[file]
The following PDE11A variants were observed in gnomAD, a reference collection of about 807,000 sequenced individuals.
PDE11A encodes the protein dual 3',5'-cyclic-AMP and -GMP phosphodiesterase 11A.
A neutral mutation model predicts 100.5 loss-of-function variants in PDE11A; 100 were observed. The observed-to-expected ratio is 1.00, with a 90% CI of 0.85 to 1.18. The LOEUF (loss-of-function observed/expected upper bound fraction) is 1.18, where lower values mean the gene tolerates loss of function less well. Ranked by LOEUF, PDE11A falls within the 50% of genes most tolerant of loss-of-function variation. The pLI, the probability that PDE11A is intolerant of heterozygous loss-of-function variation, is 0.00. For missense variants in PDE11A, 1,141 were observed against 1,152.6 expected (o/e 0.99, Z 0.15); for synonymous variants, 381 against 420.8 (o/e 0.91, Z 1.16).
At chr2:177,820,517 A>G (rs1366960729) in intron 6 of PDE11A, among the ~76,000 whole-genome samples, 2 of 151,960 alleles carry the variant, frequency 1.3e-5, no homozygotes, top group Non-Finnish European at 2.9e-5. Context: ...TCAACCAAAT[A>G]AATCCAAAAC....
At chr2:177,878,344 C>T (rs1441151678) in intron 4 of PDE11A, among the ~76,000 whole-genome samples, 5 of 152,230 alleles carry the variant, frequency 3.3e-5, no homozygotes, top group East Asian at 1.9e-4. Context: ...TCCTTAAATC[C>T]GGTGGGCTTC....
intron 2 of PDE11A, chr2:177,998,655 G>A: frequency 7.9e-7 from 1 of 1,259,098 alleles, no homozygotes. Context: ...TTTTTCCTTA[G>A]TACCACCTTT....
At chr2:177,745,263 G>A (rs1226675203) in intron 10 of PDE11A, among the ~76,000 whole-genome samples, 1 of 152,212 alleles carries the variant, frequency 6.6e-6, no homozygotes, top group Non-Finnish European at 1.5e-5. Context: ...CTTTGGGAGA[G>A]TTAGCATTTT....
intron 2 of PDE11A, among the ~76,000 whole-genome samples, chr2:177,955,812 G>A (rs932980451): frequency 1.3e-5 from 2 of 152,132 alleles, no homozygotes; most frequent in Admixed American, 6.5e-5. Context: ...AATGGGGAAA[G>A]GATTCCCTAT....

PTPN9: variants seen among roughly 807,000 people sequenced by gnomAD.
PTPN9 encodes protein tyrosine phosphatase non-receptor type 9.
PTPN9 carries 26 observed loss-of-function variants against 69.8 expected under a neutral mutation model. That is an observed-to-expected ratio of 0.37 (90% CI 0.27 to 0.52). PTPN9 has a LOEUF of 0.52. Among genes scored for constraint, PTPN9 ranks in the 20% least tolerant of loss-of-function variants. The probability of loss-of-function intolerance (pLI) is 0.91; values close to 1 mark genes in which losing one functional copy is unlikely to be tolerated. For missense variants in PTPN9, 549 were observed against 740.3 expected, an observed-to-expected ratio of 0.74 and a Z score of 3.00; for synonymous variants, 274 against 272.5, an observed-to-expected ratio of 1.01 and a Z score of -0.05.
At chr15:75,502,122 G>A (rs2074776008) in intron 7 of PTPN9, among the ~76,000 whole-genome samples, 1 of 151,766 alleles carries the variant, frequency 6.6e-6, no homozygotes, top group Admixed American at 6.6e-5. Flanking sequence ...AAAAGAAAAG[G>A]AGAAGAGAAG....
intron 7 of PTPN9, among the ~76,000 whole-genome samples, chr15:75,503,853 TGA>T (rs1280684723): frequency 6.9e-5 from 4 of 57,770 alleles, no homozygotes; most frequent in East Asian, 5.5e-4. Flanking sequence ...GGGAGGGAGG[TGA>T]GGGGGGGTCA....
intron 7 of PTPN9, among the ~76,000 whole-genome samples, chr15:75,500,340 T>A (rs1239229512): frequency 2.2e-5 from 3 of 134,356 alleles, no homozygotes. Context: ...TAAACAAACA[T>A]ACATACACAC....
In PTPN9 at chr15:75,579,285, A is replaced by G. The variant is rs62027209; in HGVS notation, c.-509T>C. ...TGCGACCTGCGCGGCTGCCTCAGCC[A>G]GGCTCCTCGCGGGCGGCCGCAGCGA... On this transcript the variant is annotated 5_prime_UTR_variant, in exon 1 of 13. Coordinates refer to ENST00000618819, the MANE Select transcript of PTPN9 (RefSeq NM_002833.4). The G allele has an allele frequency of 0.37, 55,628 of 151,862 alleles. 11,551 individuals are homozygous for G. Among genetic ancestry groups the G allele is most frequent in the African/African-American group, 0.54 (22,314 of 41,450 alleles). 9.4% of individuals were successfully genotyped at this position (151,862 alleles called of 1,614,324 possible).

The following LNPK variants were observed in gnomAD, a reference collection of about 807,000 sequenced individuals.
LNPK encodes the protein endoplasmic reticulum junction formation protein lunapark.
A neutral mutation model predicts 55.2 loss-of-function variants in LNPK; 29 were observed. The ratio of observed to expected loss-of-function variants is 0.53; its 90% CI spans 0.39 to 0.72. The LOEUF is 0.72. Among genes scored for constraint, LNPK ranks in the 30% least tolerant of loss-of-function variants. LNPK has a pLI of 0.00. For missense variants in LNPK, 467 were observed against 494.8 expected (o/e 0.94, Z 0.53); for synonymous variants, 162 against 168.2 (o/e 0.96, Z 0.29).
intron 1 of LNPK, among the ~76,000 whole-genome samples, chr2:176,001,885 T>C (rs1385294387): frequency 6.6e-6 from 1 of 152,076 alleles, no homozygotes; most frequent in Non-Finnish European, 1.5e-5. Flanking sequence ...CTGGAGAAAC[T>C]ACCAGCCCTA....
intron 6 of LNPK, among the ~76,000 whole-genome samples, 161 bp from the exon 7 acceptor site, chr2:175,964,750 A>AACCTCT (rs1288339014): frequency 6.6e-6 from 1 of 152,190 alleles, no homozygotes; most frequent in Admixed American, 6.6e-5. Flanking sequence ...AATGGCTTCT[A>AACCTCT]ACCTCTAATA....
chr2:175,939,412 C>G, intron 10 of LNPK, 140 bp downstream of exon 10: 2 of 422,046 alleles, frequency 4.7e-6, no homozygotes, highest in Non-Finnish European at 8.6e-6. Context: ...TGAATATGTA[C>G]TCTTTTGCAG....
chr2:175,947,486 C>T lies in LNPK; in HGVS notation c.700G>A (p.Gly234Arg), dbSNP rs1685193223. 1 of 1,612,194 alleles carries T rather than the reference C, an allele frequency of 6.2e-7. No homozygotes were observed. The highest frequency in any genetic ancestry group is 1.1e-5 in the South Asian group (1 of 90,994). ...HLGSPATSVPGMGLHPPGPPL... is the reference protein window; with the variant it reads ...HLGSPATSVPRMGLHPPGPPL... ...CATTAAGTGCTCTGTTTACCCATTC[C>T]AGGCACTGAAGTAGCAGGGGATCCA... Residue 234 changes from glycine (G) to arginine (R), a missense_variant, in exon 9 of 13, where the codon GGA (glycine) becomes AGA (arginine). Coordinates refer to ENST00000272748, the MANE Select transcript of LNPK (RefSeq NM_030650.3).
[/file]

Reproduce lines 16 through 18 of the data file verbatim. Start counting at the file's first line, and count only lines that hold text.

The following LNPK variants were observed in gnomAD, a reference collection of about 807,000 sequenced individuals.
LNPK encodes the protein endoplasmic reticulum junction formation protein lunapark.
A neutral mutation model predicts 55.2 loss-of-function variants in LNPK; 29 were observed. The ratio of observed to expected loss-of-function variants is 0.53; its 90% CI spans 0.39 to 0.72. The LOEUF is 0.72. Among genes scored for constraint, LNPK ranks in the 30% least tolerant of loss-of-function variants. LNPK has a pLI of 0.00. For missense variants in LNPK, 467 were observed against 494.8 expected (o/e 0.94, Z 0.53); for synonymous variants, 162 against 168.2 (o/e 0.96, Z 0.29).